Spoiler-friendly "In for a Penny" discussion post

new In for a Penny coverHi everyone! This is a spoiler-friendly discussion and questions post for In for a Penny. I’d love to hear anything you have to say about the book! And if there’s anything you want to ask me (about the book, about writing the book, about characters in the book, about what happens next, anything really), go for it.

Thank you all for giving what I do meaning—a book isn’t REALLY finished until someone reads it.

“Does she care for olives?”

When I turned in the manuscript of A Lily Among Thorns, my editor at the time (the fabulous Leah Hultenschmidt) commented on a particular scene, “Your men are so good about bringing women exactly what they want to eat in the ballroom.”

“Huh,” I thought, “I guess there are scenes in both my books of the heroes bringing the heroines just what they want to eat at a party.” In In for a Penny, Nev remembers that Penelope hates being messy when she eats (the young ladies at school made fun of her for her low-class table manners), so he cuts up all the food from the buffet into bite-sized pieces for her before giving her the plate.

(This turned out to be a favorite moment for readers, actually—I’ve had people mention it to me more often than probably every other scene combined.)

And in A Lily Among Thorns, Solomon and Serena gate-crash a society party (for Important Intrigue Reasons). Serena has a very scandalous past, and Solomon’s grandfather was an earl but his mother ran off with a poor curate whose brother is actually a tradesman (gasp!), so their arrival doesn’t exactly go unnoticed:

Serena hastily turned her attention to the ballroom. Everyone in the room was watching them. The low murmur of conversation rose to an excited hum. At least Mrs. Elbourn looked pleasantly scandalized instead of horrified. This would make her party the talk of London. Perhaps that would be enough to keep them from being tossed out on their ears.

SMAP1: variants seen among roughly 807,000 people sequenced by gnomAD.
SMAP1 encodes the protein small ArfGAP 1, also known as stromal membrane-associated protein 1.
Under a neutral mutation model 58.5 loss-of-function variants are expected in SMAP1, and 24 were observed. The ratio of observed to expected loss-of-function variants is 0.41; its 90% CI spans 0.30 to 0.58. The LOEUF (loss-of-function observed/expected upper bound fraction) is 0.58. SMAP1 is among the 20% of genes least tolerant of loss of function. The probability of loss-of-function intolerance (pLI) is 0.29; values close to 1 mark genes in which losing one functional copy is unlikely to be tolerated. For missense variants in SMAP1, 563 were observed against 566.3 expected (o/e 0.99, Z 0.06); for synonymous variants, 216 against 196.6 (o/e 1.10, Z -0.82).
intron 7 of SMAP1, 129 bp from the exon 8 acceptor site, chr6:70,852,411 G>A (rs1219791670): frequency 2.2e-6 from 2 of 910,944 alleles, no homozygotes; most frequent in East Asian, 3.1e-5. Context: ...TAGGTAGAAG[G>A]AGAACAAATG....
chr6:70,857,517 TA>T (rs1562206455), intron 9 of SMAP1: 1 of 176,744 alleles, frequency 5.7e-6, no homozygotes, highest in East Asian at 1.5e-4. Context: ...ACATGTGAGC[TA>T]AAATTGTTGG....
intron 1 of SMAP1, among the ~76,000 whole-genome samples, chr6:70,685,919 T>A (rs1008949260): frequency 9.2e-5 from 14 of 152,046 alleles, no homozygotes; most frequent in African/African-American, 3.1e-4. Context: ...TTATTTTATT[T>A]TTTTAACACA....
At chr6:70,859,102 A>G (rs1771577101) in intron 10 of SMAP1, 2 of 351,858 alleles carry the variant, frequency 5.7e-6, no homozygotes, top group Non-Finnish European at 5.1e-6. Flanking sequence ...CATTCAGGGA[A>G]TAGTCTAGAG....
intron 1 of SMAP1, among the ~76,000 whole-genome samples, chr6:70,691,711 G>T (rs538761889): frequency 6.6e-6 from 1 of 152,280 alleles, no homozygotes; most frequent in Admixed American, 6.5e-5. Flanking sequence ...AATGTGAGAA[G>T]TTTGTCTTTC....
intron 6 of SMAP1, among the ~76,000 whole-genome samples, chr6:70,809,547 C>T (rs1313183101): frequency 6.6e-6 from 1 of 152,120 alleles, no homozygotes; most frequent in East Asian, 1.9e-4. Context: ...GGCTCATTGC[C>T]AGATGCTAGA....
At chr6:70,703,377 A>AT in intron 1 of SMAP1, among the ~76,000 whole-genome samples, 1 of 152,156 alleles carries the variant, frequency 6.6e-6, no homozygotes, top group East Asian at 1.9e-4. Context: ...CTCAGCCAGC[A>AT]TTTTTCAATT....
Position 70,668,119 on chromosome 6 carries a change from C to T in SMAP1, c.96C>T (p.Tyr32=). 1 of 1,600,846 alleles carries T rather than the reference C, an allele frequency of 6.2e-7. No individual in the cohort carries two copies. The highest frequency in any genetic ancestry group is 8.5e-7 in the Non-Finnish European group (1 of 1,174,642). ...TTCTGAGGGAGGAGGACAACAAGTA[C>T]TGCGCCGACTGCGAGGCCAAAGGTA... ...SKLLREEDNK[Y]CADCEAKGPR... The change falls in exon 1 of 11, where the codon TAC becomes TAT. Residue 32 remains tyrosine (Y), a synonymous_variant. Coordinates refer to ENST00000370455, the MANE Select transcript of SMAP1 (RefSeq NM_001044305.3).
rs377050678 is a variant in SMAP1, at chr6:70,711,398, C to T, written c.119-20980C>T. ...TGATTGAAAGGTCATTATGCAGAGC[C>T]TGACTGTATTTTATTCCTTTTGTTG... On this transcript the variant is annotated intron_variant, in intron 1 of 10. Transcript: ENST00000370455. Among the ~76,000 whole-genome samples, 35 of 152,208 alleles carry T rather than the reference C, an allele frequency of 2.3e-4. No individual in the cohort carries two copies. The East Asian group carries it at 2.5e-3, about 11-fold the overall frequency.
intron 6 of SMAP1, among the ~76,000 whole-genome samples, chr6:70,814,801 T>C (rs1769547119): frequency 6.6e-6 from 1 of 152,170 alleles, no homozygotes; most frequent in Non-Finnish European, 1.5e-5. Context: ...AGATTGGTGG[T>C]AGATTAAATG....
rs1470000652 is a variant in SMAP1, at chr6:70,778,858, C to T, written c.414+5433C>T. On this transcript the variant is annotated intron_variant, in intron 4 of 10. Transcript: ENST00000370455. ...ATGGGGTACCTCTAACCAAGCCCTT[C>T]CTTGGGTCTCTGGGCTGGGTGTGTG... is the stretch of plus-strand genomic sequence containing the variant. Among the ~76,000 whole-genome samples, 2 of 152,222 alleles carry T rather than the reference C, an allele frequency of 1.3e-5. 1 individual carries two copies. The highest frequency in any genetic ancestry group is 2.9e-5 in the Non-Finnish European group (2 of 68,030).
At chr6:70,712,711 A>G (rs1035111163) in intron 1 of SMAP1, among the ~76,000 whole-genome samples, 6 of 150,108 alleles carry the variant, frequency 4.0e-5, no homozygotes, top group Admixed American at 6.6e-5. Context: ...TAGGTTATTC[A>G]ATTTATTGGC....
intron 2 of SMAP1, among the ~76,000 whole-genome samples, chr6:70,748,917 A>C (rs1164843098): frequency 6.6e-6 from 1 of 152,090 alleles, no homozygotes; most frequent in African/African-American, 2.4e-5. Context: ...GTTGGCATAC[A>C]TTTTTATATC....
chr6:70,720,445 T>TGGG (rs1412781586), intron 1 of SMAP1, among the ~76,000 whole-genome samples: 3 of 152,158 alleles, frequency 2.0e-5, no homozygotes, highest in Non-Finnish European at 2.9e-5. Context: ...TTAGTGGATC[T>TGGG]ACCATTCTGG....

Solomon’s shoulders slumped. “Shall we try the buffet table? Maybe there are lobster patties.”

Serena felt warm. Was it because of all the eyes on her, or because Solomon had noticed she loved lobster patties when Antoine [the chef at her hotel] made them last week for supper?

“Whatever,” I said to myself. “It’s probably just a coincidence.”

Only now I’m working on my next book (not sold yet so I have no details, sorry!). [ETA: This book was eventually published as Sweet Disorder.] The heroine (a middle-class widow who does her own grocery shopping, so a gift of food makes sense) doesn’t like sweets and no one can seem to remember that! And in the scene I just wrote, after their first (awesome) kiss, the hero really feels he should apologize for taking such shocking liberties, so he brings her a whole ham.

She hasn’t been able to afford a whole ham since last Christmas! (It’s just such a cute image to me, this guy ducking his head apologetically and holding out…a ham wrapped in paper.)

Okay, so maybe it’s not a coincidence. Maybe it’s a thing.

I guess, to me, coming from a Jewish/Polish family, food is more than just food? Food and cooking are family, and love, and friendship. My biggest fear when I have people over is that I won’t have enough or the right kind of food for them and they’ll be hungry. HUNGRY, AT MY HOUSE! THAT WOULD BE TERRIBLE.

Plus…isn’t it nice to have someone pay attention to you? To be so interested in you that they actually remember small details like what you like to eat, or to want to please you so much that they make the effort to find out?

There’s a point in Sense and Sensibility after Willoughby has dumped Marianne when Mrs. Jennings is trying to cheer her up:

Had not Elinor, in the sad countenance of her sister, seen a check to all mirth, she could have been entertained by Mrs. Jennings’s endeavors to cure a disappointment in love, by a variety of sweetmeats and olives, and a good fire.

When I’m heartbroken, that’s exactly what I want!

What little things mean love, to you?

New short story!

An exclusive short story set in the In for a Penny world has just been posted to my website! I may have stupidly put a mild spoiler for the book in the title, so I’m not going to tell you what it is (look, I know I could have changed it, but I like it), but I will tell you that it’s about Percy and Louisa, because Jenni Simmons wanted to see more of them and that’s the idea that clicked with me.

Thanks so much to everyone who entered the contest! You all had awesome ideas and if I had infinite free time I’d write them all. I’ll be doing something similar with A Lily Among Thorns eventually, so you’ll have another chance!

Unlike some other Robin Hoods, I can speak with an English accent

Eek!  This is my first ever blog post with WordPress.  I’m a little intimidated by all the options, to be honest.  But I love having the blog right on my site, and I LOVE threaded commenting.    Oh threaded commenting how I missed you!  Can someone with more WP experience than me tell me if it e-mails people when someone replies directly to their comment, the way livejournal does?